For a while there, the only place you could see promoted tweets through certain companies was through Twitter itself. However, according to Adweek, the social media site has plans to expand its reach over to other sites.
With the new plan, Twitter vows to increase its ad exposure using promoted tweets on other sites. These include a number of partners where the messages can be seen, including Flipboard and Yahoo!’s Japanese division. Both sites already feature Twitter integration, through streams of messages that make it easy for viewers to see what’s going on.
The ads will look quite familiar to those who have seen them on Twitter, since they have the “same look and feel that is native,” according to the company.
“For the thousands of brands already advertising on Twitter, these new partnerships open a significant opportunity to extend the reach of their message to a larger audience,” said Twitter in a blog post.
Brands that take part in the program will be able to gauge the same targeting information and creativity that they did through the main Twitter site. It’s supposedly going to tie in with the MoPub ad network that was purchased a couple of years ago, in an effort to expand its already existing audience.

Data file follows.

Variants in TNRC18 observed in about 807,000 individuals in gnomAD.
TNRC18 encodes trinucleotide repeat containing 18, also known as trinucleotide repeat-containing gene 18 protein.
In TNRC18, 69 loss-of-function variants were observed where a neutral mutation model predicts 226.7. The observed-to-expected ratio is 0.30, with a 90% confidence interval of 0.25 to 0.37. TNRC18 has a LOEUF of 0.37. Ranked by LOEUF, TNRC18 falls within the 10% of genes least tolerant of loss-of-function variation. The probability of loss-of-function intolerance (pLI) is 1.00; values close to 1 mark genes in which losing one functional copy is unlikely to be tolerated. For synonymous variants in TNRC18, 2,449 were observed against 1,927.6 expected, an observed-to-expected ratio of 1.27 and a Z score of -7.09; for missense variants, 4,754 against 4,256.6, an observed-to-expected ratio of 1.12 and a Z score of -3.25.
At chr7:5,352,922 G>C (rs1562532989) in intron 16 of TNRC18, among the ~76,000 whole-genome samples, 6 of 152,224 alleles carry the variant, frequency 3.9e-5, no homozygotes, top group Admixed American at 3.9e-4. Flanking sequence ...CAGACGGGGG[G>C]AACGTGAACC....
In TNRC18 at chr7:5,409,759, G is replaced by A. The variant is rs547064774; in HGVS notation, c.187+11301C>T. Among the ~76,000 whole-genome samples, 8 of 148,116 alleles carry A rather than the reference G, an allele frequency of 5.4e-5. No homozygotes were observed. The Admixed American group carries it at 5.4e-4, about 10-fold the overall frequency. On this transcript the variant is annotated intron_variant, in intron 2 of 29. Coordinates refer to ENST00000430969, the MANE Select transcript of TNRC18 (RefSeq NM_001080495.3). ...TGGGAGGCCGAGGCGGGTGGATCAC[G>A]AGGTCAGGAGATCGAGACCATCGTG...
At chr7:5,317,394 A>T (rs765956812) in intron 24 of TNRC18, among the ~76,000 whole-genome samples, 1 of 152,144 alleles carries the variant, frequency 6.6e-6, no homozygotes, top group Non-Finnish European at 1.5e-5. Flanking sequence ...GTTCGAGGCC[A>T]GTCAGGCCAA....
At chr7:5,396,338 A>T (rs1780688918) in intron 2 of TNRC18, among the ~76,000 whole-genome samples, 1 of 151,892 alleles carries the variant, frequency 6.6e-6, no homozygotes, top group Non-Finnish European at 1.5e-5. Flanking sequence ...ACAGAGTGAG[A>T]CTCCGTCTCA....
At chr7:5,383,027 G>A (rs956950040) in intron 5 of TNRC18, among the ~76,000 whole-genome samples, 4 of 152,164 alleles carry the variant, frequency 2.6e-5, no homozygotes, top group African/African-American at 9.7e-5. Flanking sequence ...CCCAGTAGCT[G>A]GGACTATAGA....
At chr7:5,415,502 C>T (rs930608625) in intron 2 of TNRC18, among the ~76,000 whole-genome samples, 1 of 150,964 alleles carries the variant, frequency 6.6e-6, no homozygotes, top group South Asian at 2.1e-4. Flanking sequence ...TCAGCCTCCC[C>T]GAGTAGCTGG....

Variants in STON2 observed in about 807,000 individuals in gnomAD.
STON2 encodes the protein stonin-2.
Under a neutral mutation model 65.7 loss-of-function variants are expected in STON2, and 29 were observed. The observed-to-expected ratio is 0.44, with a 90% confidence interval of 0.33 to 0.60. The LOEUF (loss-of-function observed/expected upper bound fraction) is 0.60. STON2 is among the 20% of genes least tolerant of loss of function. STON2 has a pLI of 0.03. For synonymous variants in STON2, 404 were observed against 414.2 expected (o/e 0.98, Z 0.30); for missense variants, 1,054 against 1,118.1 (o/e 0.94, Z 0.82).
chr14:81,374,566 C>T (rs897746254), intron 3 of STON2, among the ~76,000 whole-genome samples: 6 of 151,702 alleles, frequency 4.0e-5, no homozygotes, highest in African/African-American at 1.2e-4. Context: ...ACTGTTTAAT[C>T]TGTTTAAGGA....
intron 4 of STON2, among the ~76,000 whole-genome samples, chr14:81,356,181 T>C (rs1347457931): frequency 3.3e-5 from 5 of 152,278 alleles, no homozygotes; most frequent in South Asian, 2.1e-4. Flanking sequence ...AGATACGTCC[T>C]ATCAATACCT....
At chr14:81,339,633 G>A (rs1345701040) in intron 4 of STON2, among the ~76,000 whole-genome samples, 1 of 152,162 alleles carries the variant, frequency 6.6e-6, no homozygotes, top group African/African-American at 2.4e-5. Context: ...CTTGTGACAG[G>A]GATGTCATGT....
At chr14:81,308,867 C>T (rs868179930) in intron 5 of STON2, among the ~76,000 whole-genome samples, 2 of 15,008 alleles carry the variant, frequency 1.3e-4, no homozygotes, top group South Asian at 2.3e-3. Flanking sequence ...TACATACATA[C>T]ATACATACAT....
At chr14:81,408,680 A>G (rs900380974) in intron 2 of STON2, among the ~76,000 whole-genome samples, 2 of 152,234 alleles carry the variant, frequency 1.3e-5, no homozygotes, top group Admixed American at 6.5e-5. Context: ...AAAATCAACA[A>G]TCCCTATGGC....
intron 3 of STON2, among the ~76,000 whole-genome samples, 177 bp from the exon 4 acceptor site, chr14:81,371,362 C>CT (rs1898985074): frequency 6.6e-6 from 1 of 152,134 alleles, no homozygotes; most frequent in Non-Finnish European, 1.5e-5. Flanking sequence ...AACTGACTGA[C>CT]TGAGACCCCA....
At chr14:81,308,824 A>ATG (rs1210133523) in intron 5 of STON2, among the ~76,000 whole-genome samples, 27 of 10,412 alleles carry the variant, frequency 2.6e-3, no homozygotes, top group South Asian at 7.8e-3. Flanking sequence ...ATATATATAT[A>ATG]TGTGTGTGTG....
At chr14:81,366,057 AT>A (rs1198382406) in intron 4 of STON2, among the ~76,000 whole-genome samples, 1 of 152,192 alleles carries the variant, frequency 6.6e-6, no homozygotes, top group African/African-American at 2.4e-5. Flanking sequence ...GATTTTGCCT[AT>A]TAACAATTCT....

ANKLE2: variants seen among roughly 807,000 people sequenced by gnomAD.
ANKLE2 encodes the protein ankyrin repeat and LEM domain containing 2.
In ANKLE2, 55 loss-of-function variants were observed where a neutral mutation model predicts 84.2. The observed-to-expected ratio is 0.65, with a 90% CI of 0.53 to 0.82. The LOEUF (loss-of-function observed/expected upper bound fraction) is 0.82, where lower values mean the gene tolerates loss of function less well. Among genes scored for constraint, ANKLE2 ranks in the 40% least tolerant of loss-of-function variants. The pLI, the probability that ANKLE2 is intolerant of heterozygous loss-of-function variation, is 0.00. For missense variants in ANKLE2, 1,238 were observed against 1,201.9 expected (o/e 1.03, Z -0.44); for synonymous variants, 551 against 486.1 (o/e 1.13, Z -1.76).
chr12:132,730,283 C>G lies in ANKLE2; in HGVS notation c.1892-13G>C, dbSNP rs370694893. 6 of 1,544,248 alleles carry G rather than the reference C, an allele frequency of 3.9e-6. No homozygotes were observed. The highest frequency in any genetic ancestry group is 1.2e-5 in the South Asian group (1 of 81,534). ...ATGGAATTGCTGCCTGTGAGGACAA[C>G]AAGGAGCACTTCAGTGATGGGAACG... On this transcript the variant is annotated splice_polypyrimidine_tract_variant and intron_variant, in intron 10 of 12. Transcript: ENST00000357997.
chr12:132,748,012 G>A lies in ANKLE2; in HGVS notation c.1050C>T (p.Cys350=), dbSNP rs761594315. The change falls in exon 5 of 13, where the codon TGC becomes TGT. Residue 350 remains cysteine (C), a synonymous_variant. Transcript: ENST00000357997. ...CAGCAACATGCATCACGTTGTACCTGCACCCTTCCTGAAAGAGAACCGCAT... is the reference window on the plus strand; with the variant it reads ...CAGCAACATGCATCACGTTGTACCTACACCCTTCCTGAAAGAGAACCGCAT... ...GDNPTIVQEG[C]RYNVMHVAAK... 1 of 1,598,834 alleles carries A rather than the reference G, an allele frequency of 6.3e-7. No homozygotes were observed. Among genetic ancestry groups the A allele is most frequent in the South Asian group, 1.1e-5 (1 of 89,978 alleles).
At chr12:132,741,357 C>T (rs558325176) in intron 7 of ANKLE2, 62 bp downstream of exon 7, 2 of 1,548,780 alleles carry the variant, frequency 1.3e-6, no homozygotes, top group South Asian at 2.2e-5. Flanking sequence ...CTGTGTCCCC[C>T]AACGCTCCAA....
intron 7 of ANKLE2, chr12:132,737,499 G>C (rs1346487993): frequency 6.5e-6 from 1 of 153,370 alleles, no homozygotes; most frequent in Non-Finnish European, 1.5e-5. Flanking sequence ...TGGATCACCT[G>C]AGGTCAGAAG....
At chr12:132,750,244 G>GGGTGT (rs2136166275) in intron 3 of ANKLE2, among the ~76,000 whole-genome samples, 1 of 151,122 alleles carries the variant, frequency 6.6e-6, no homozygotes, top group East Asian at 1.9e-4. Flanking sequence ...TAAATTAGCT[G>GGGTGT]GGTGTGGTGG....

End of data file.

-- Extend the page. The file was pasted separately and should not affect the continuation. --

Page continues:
With this network in place, Twitter can reach a potential one billion users on mobile devices across various websites and properties. Its promoted tweets campaign has already been effective thus far, with 185 billion impressions outside Twitter. This will no doubt increase that even further.
“What makes Twitter unique is that tweets can flow from Twitter to other mediums seamlessly, like TV, websites and mobile applications,” the company explained.
The site has made a few changes in an effort to appeal to a much broader audience, with instant timelines that make it easy for new users to get acquainted, as well as a video player that utilizes the Snappy TV service that it picked up last year.
It may take a while to see how effective this program truly is, but if any site knows a social outreach, it’s certainly Twitter.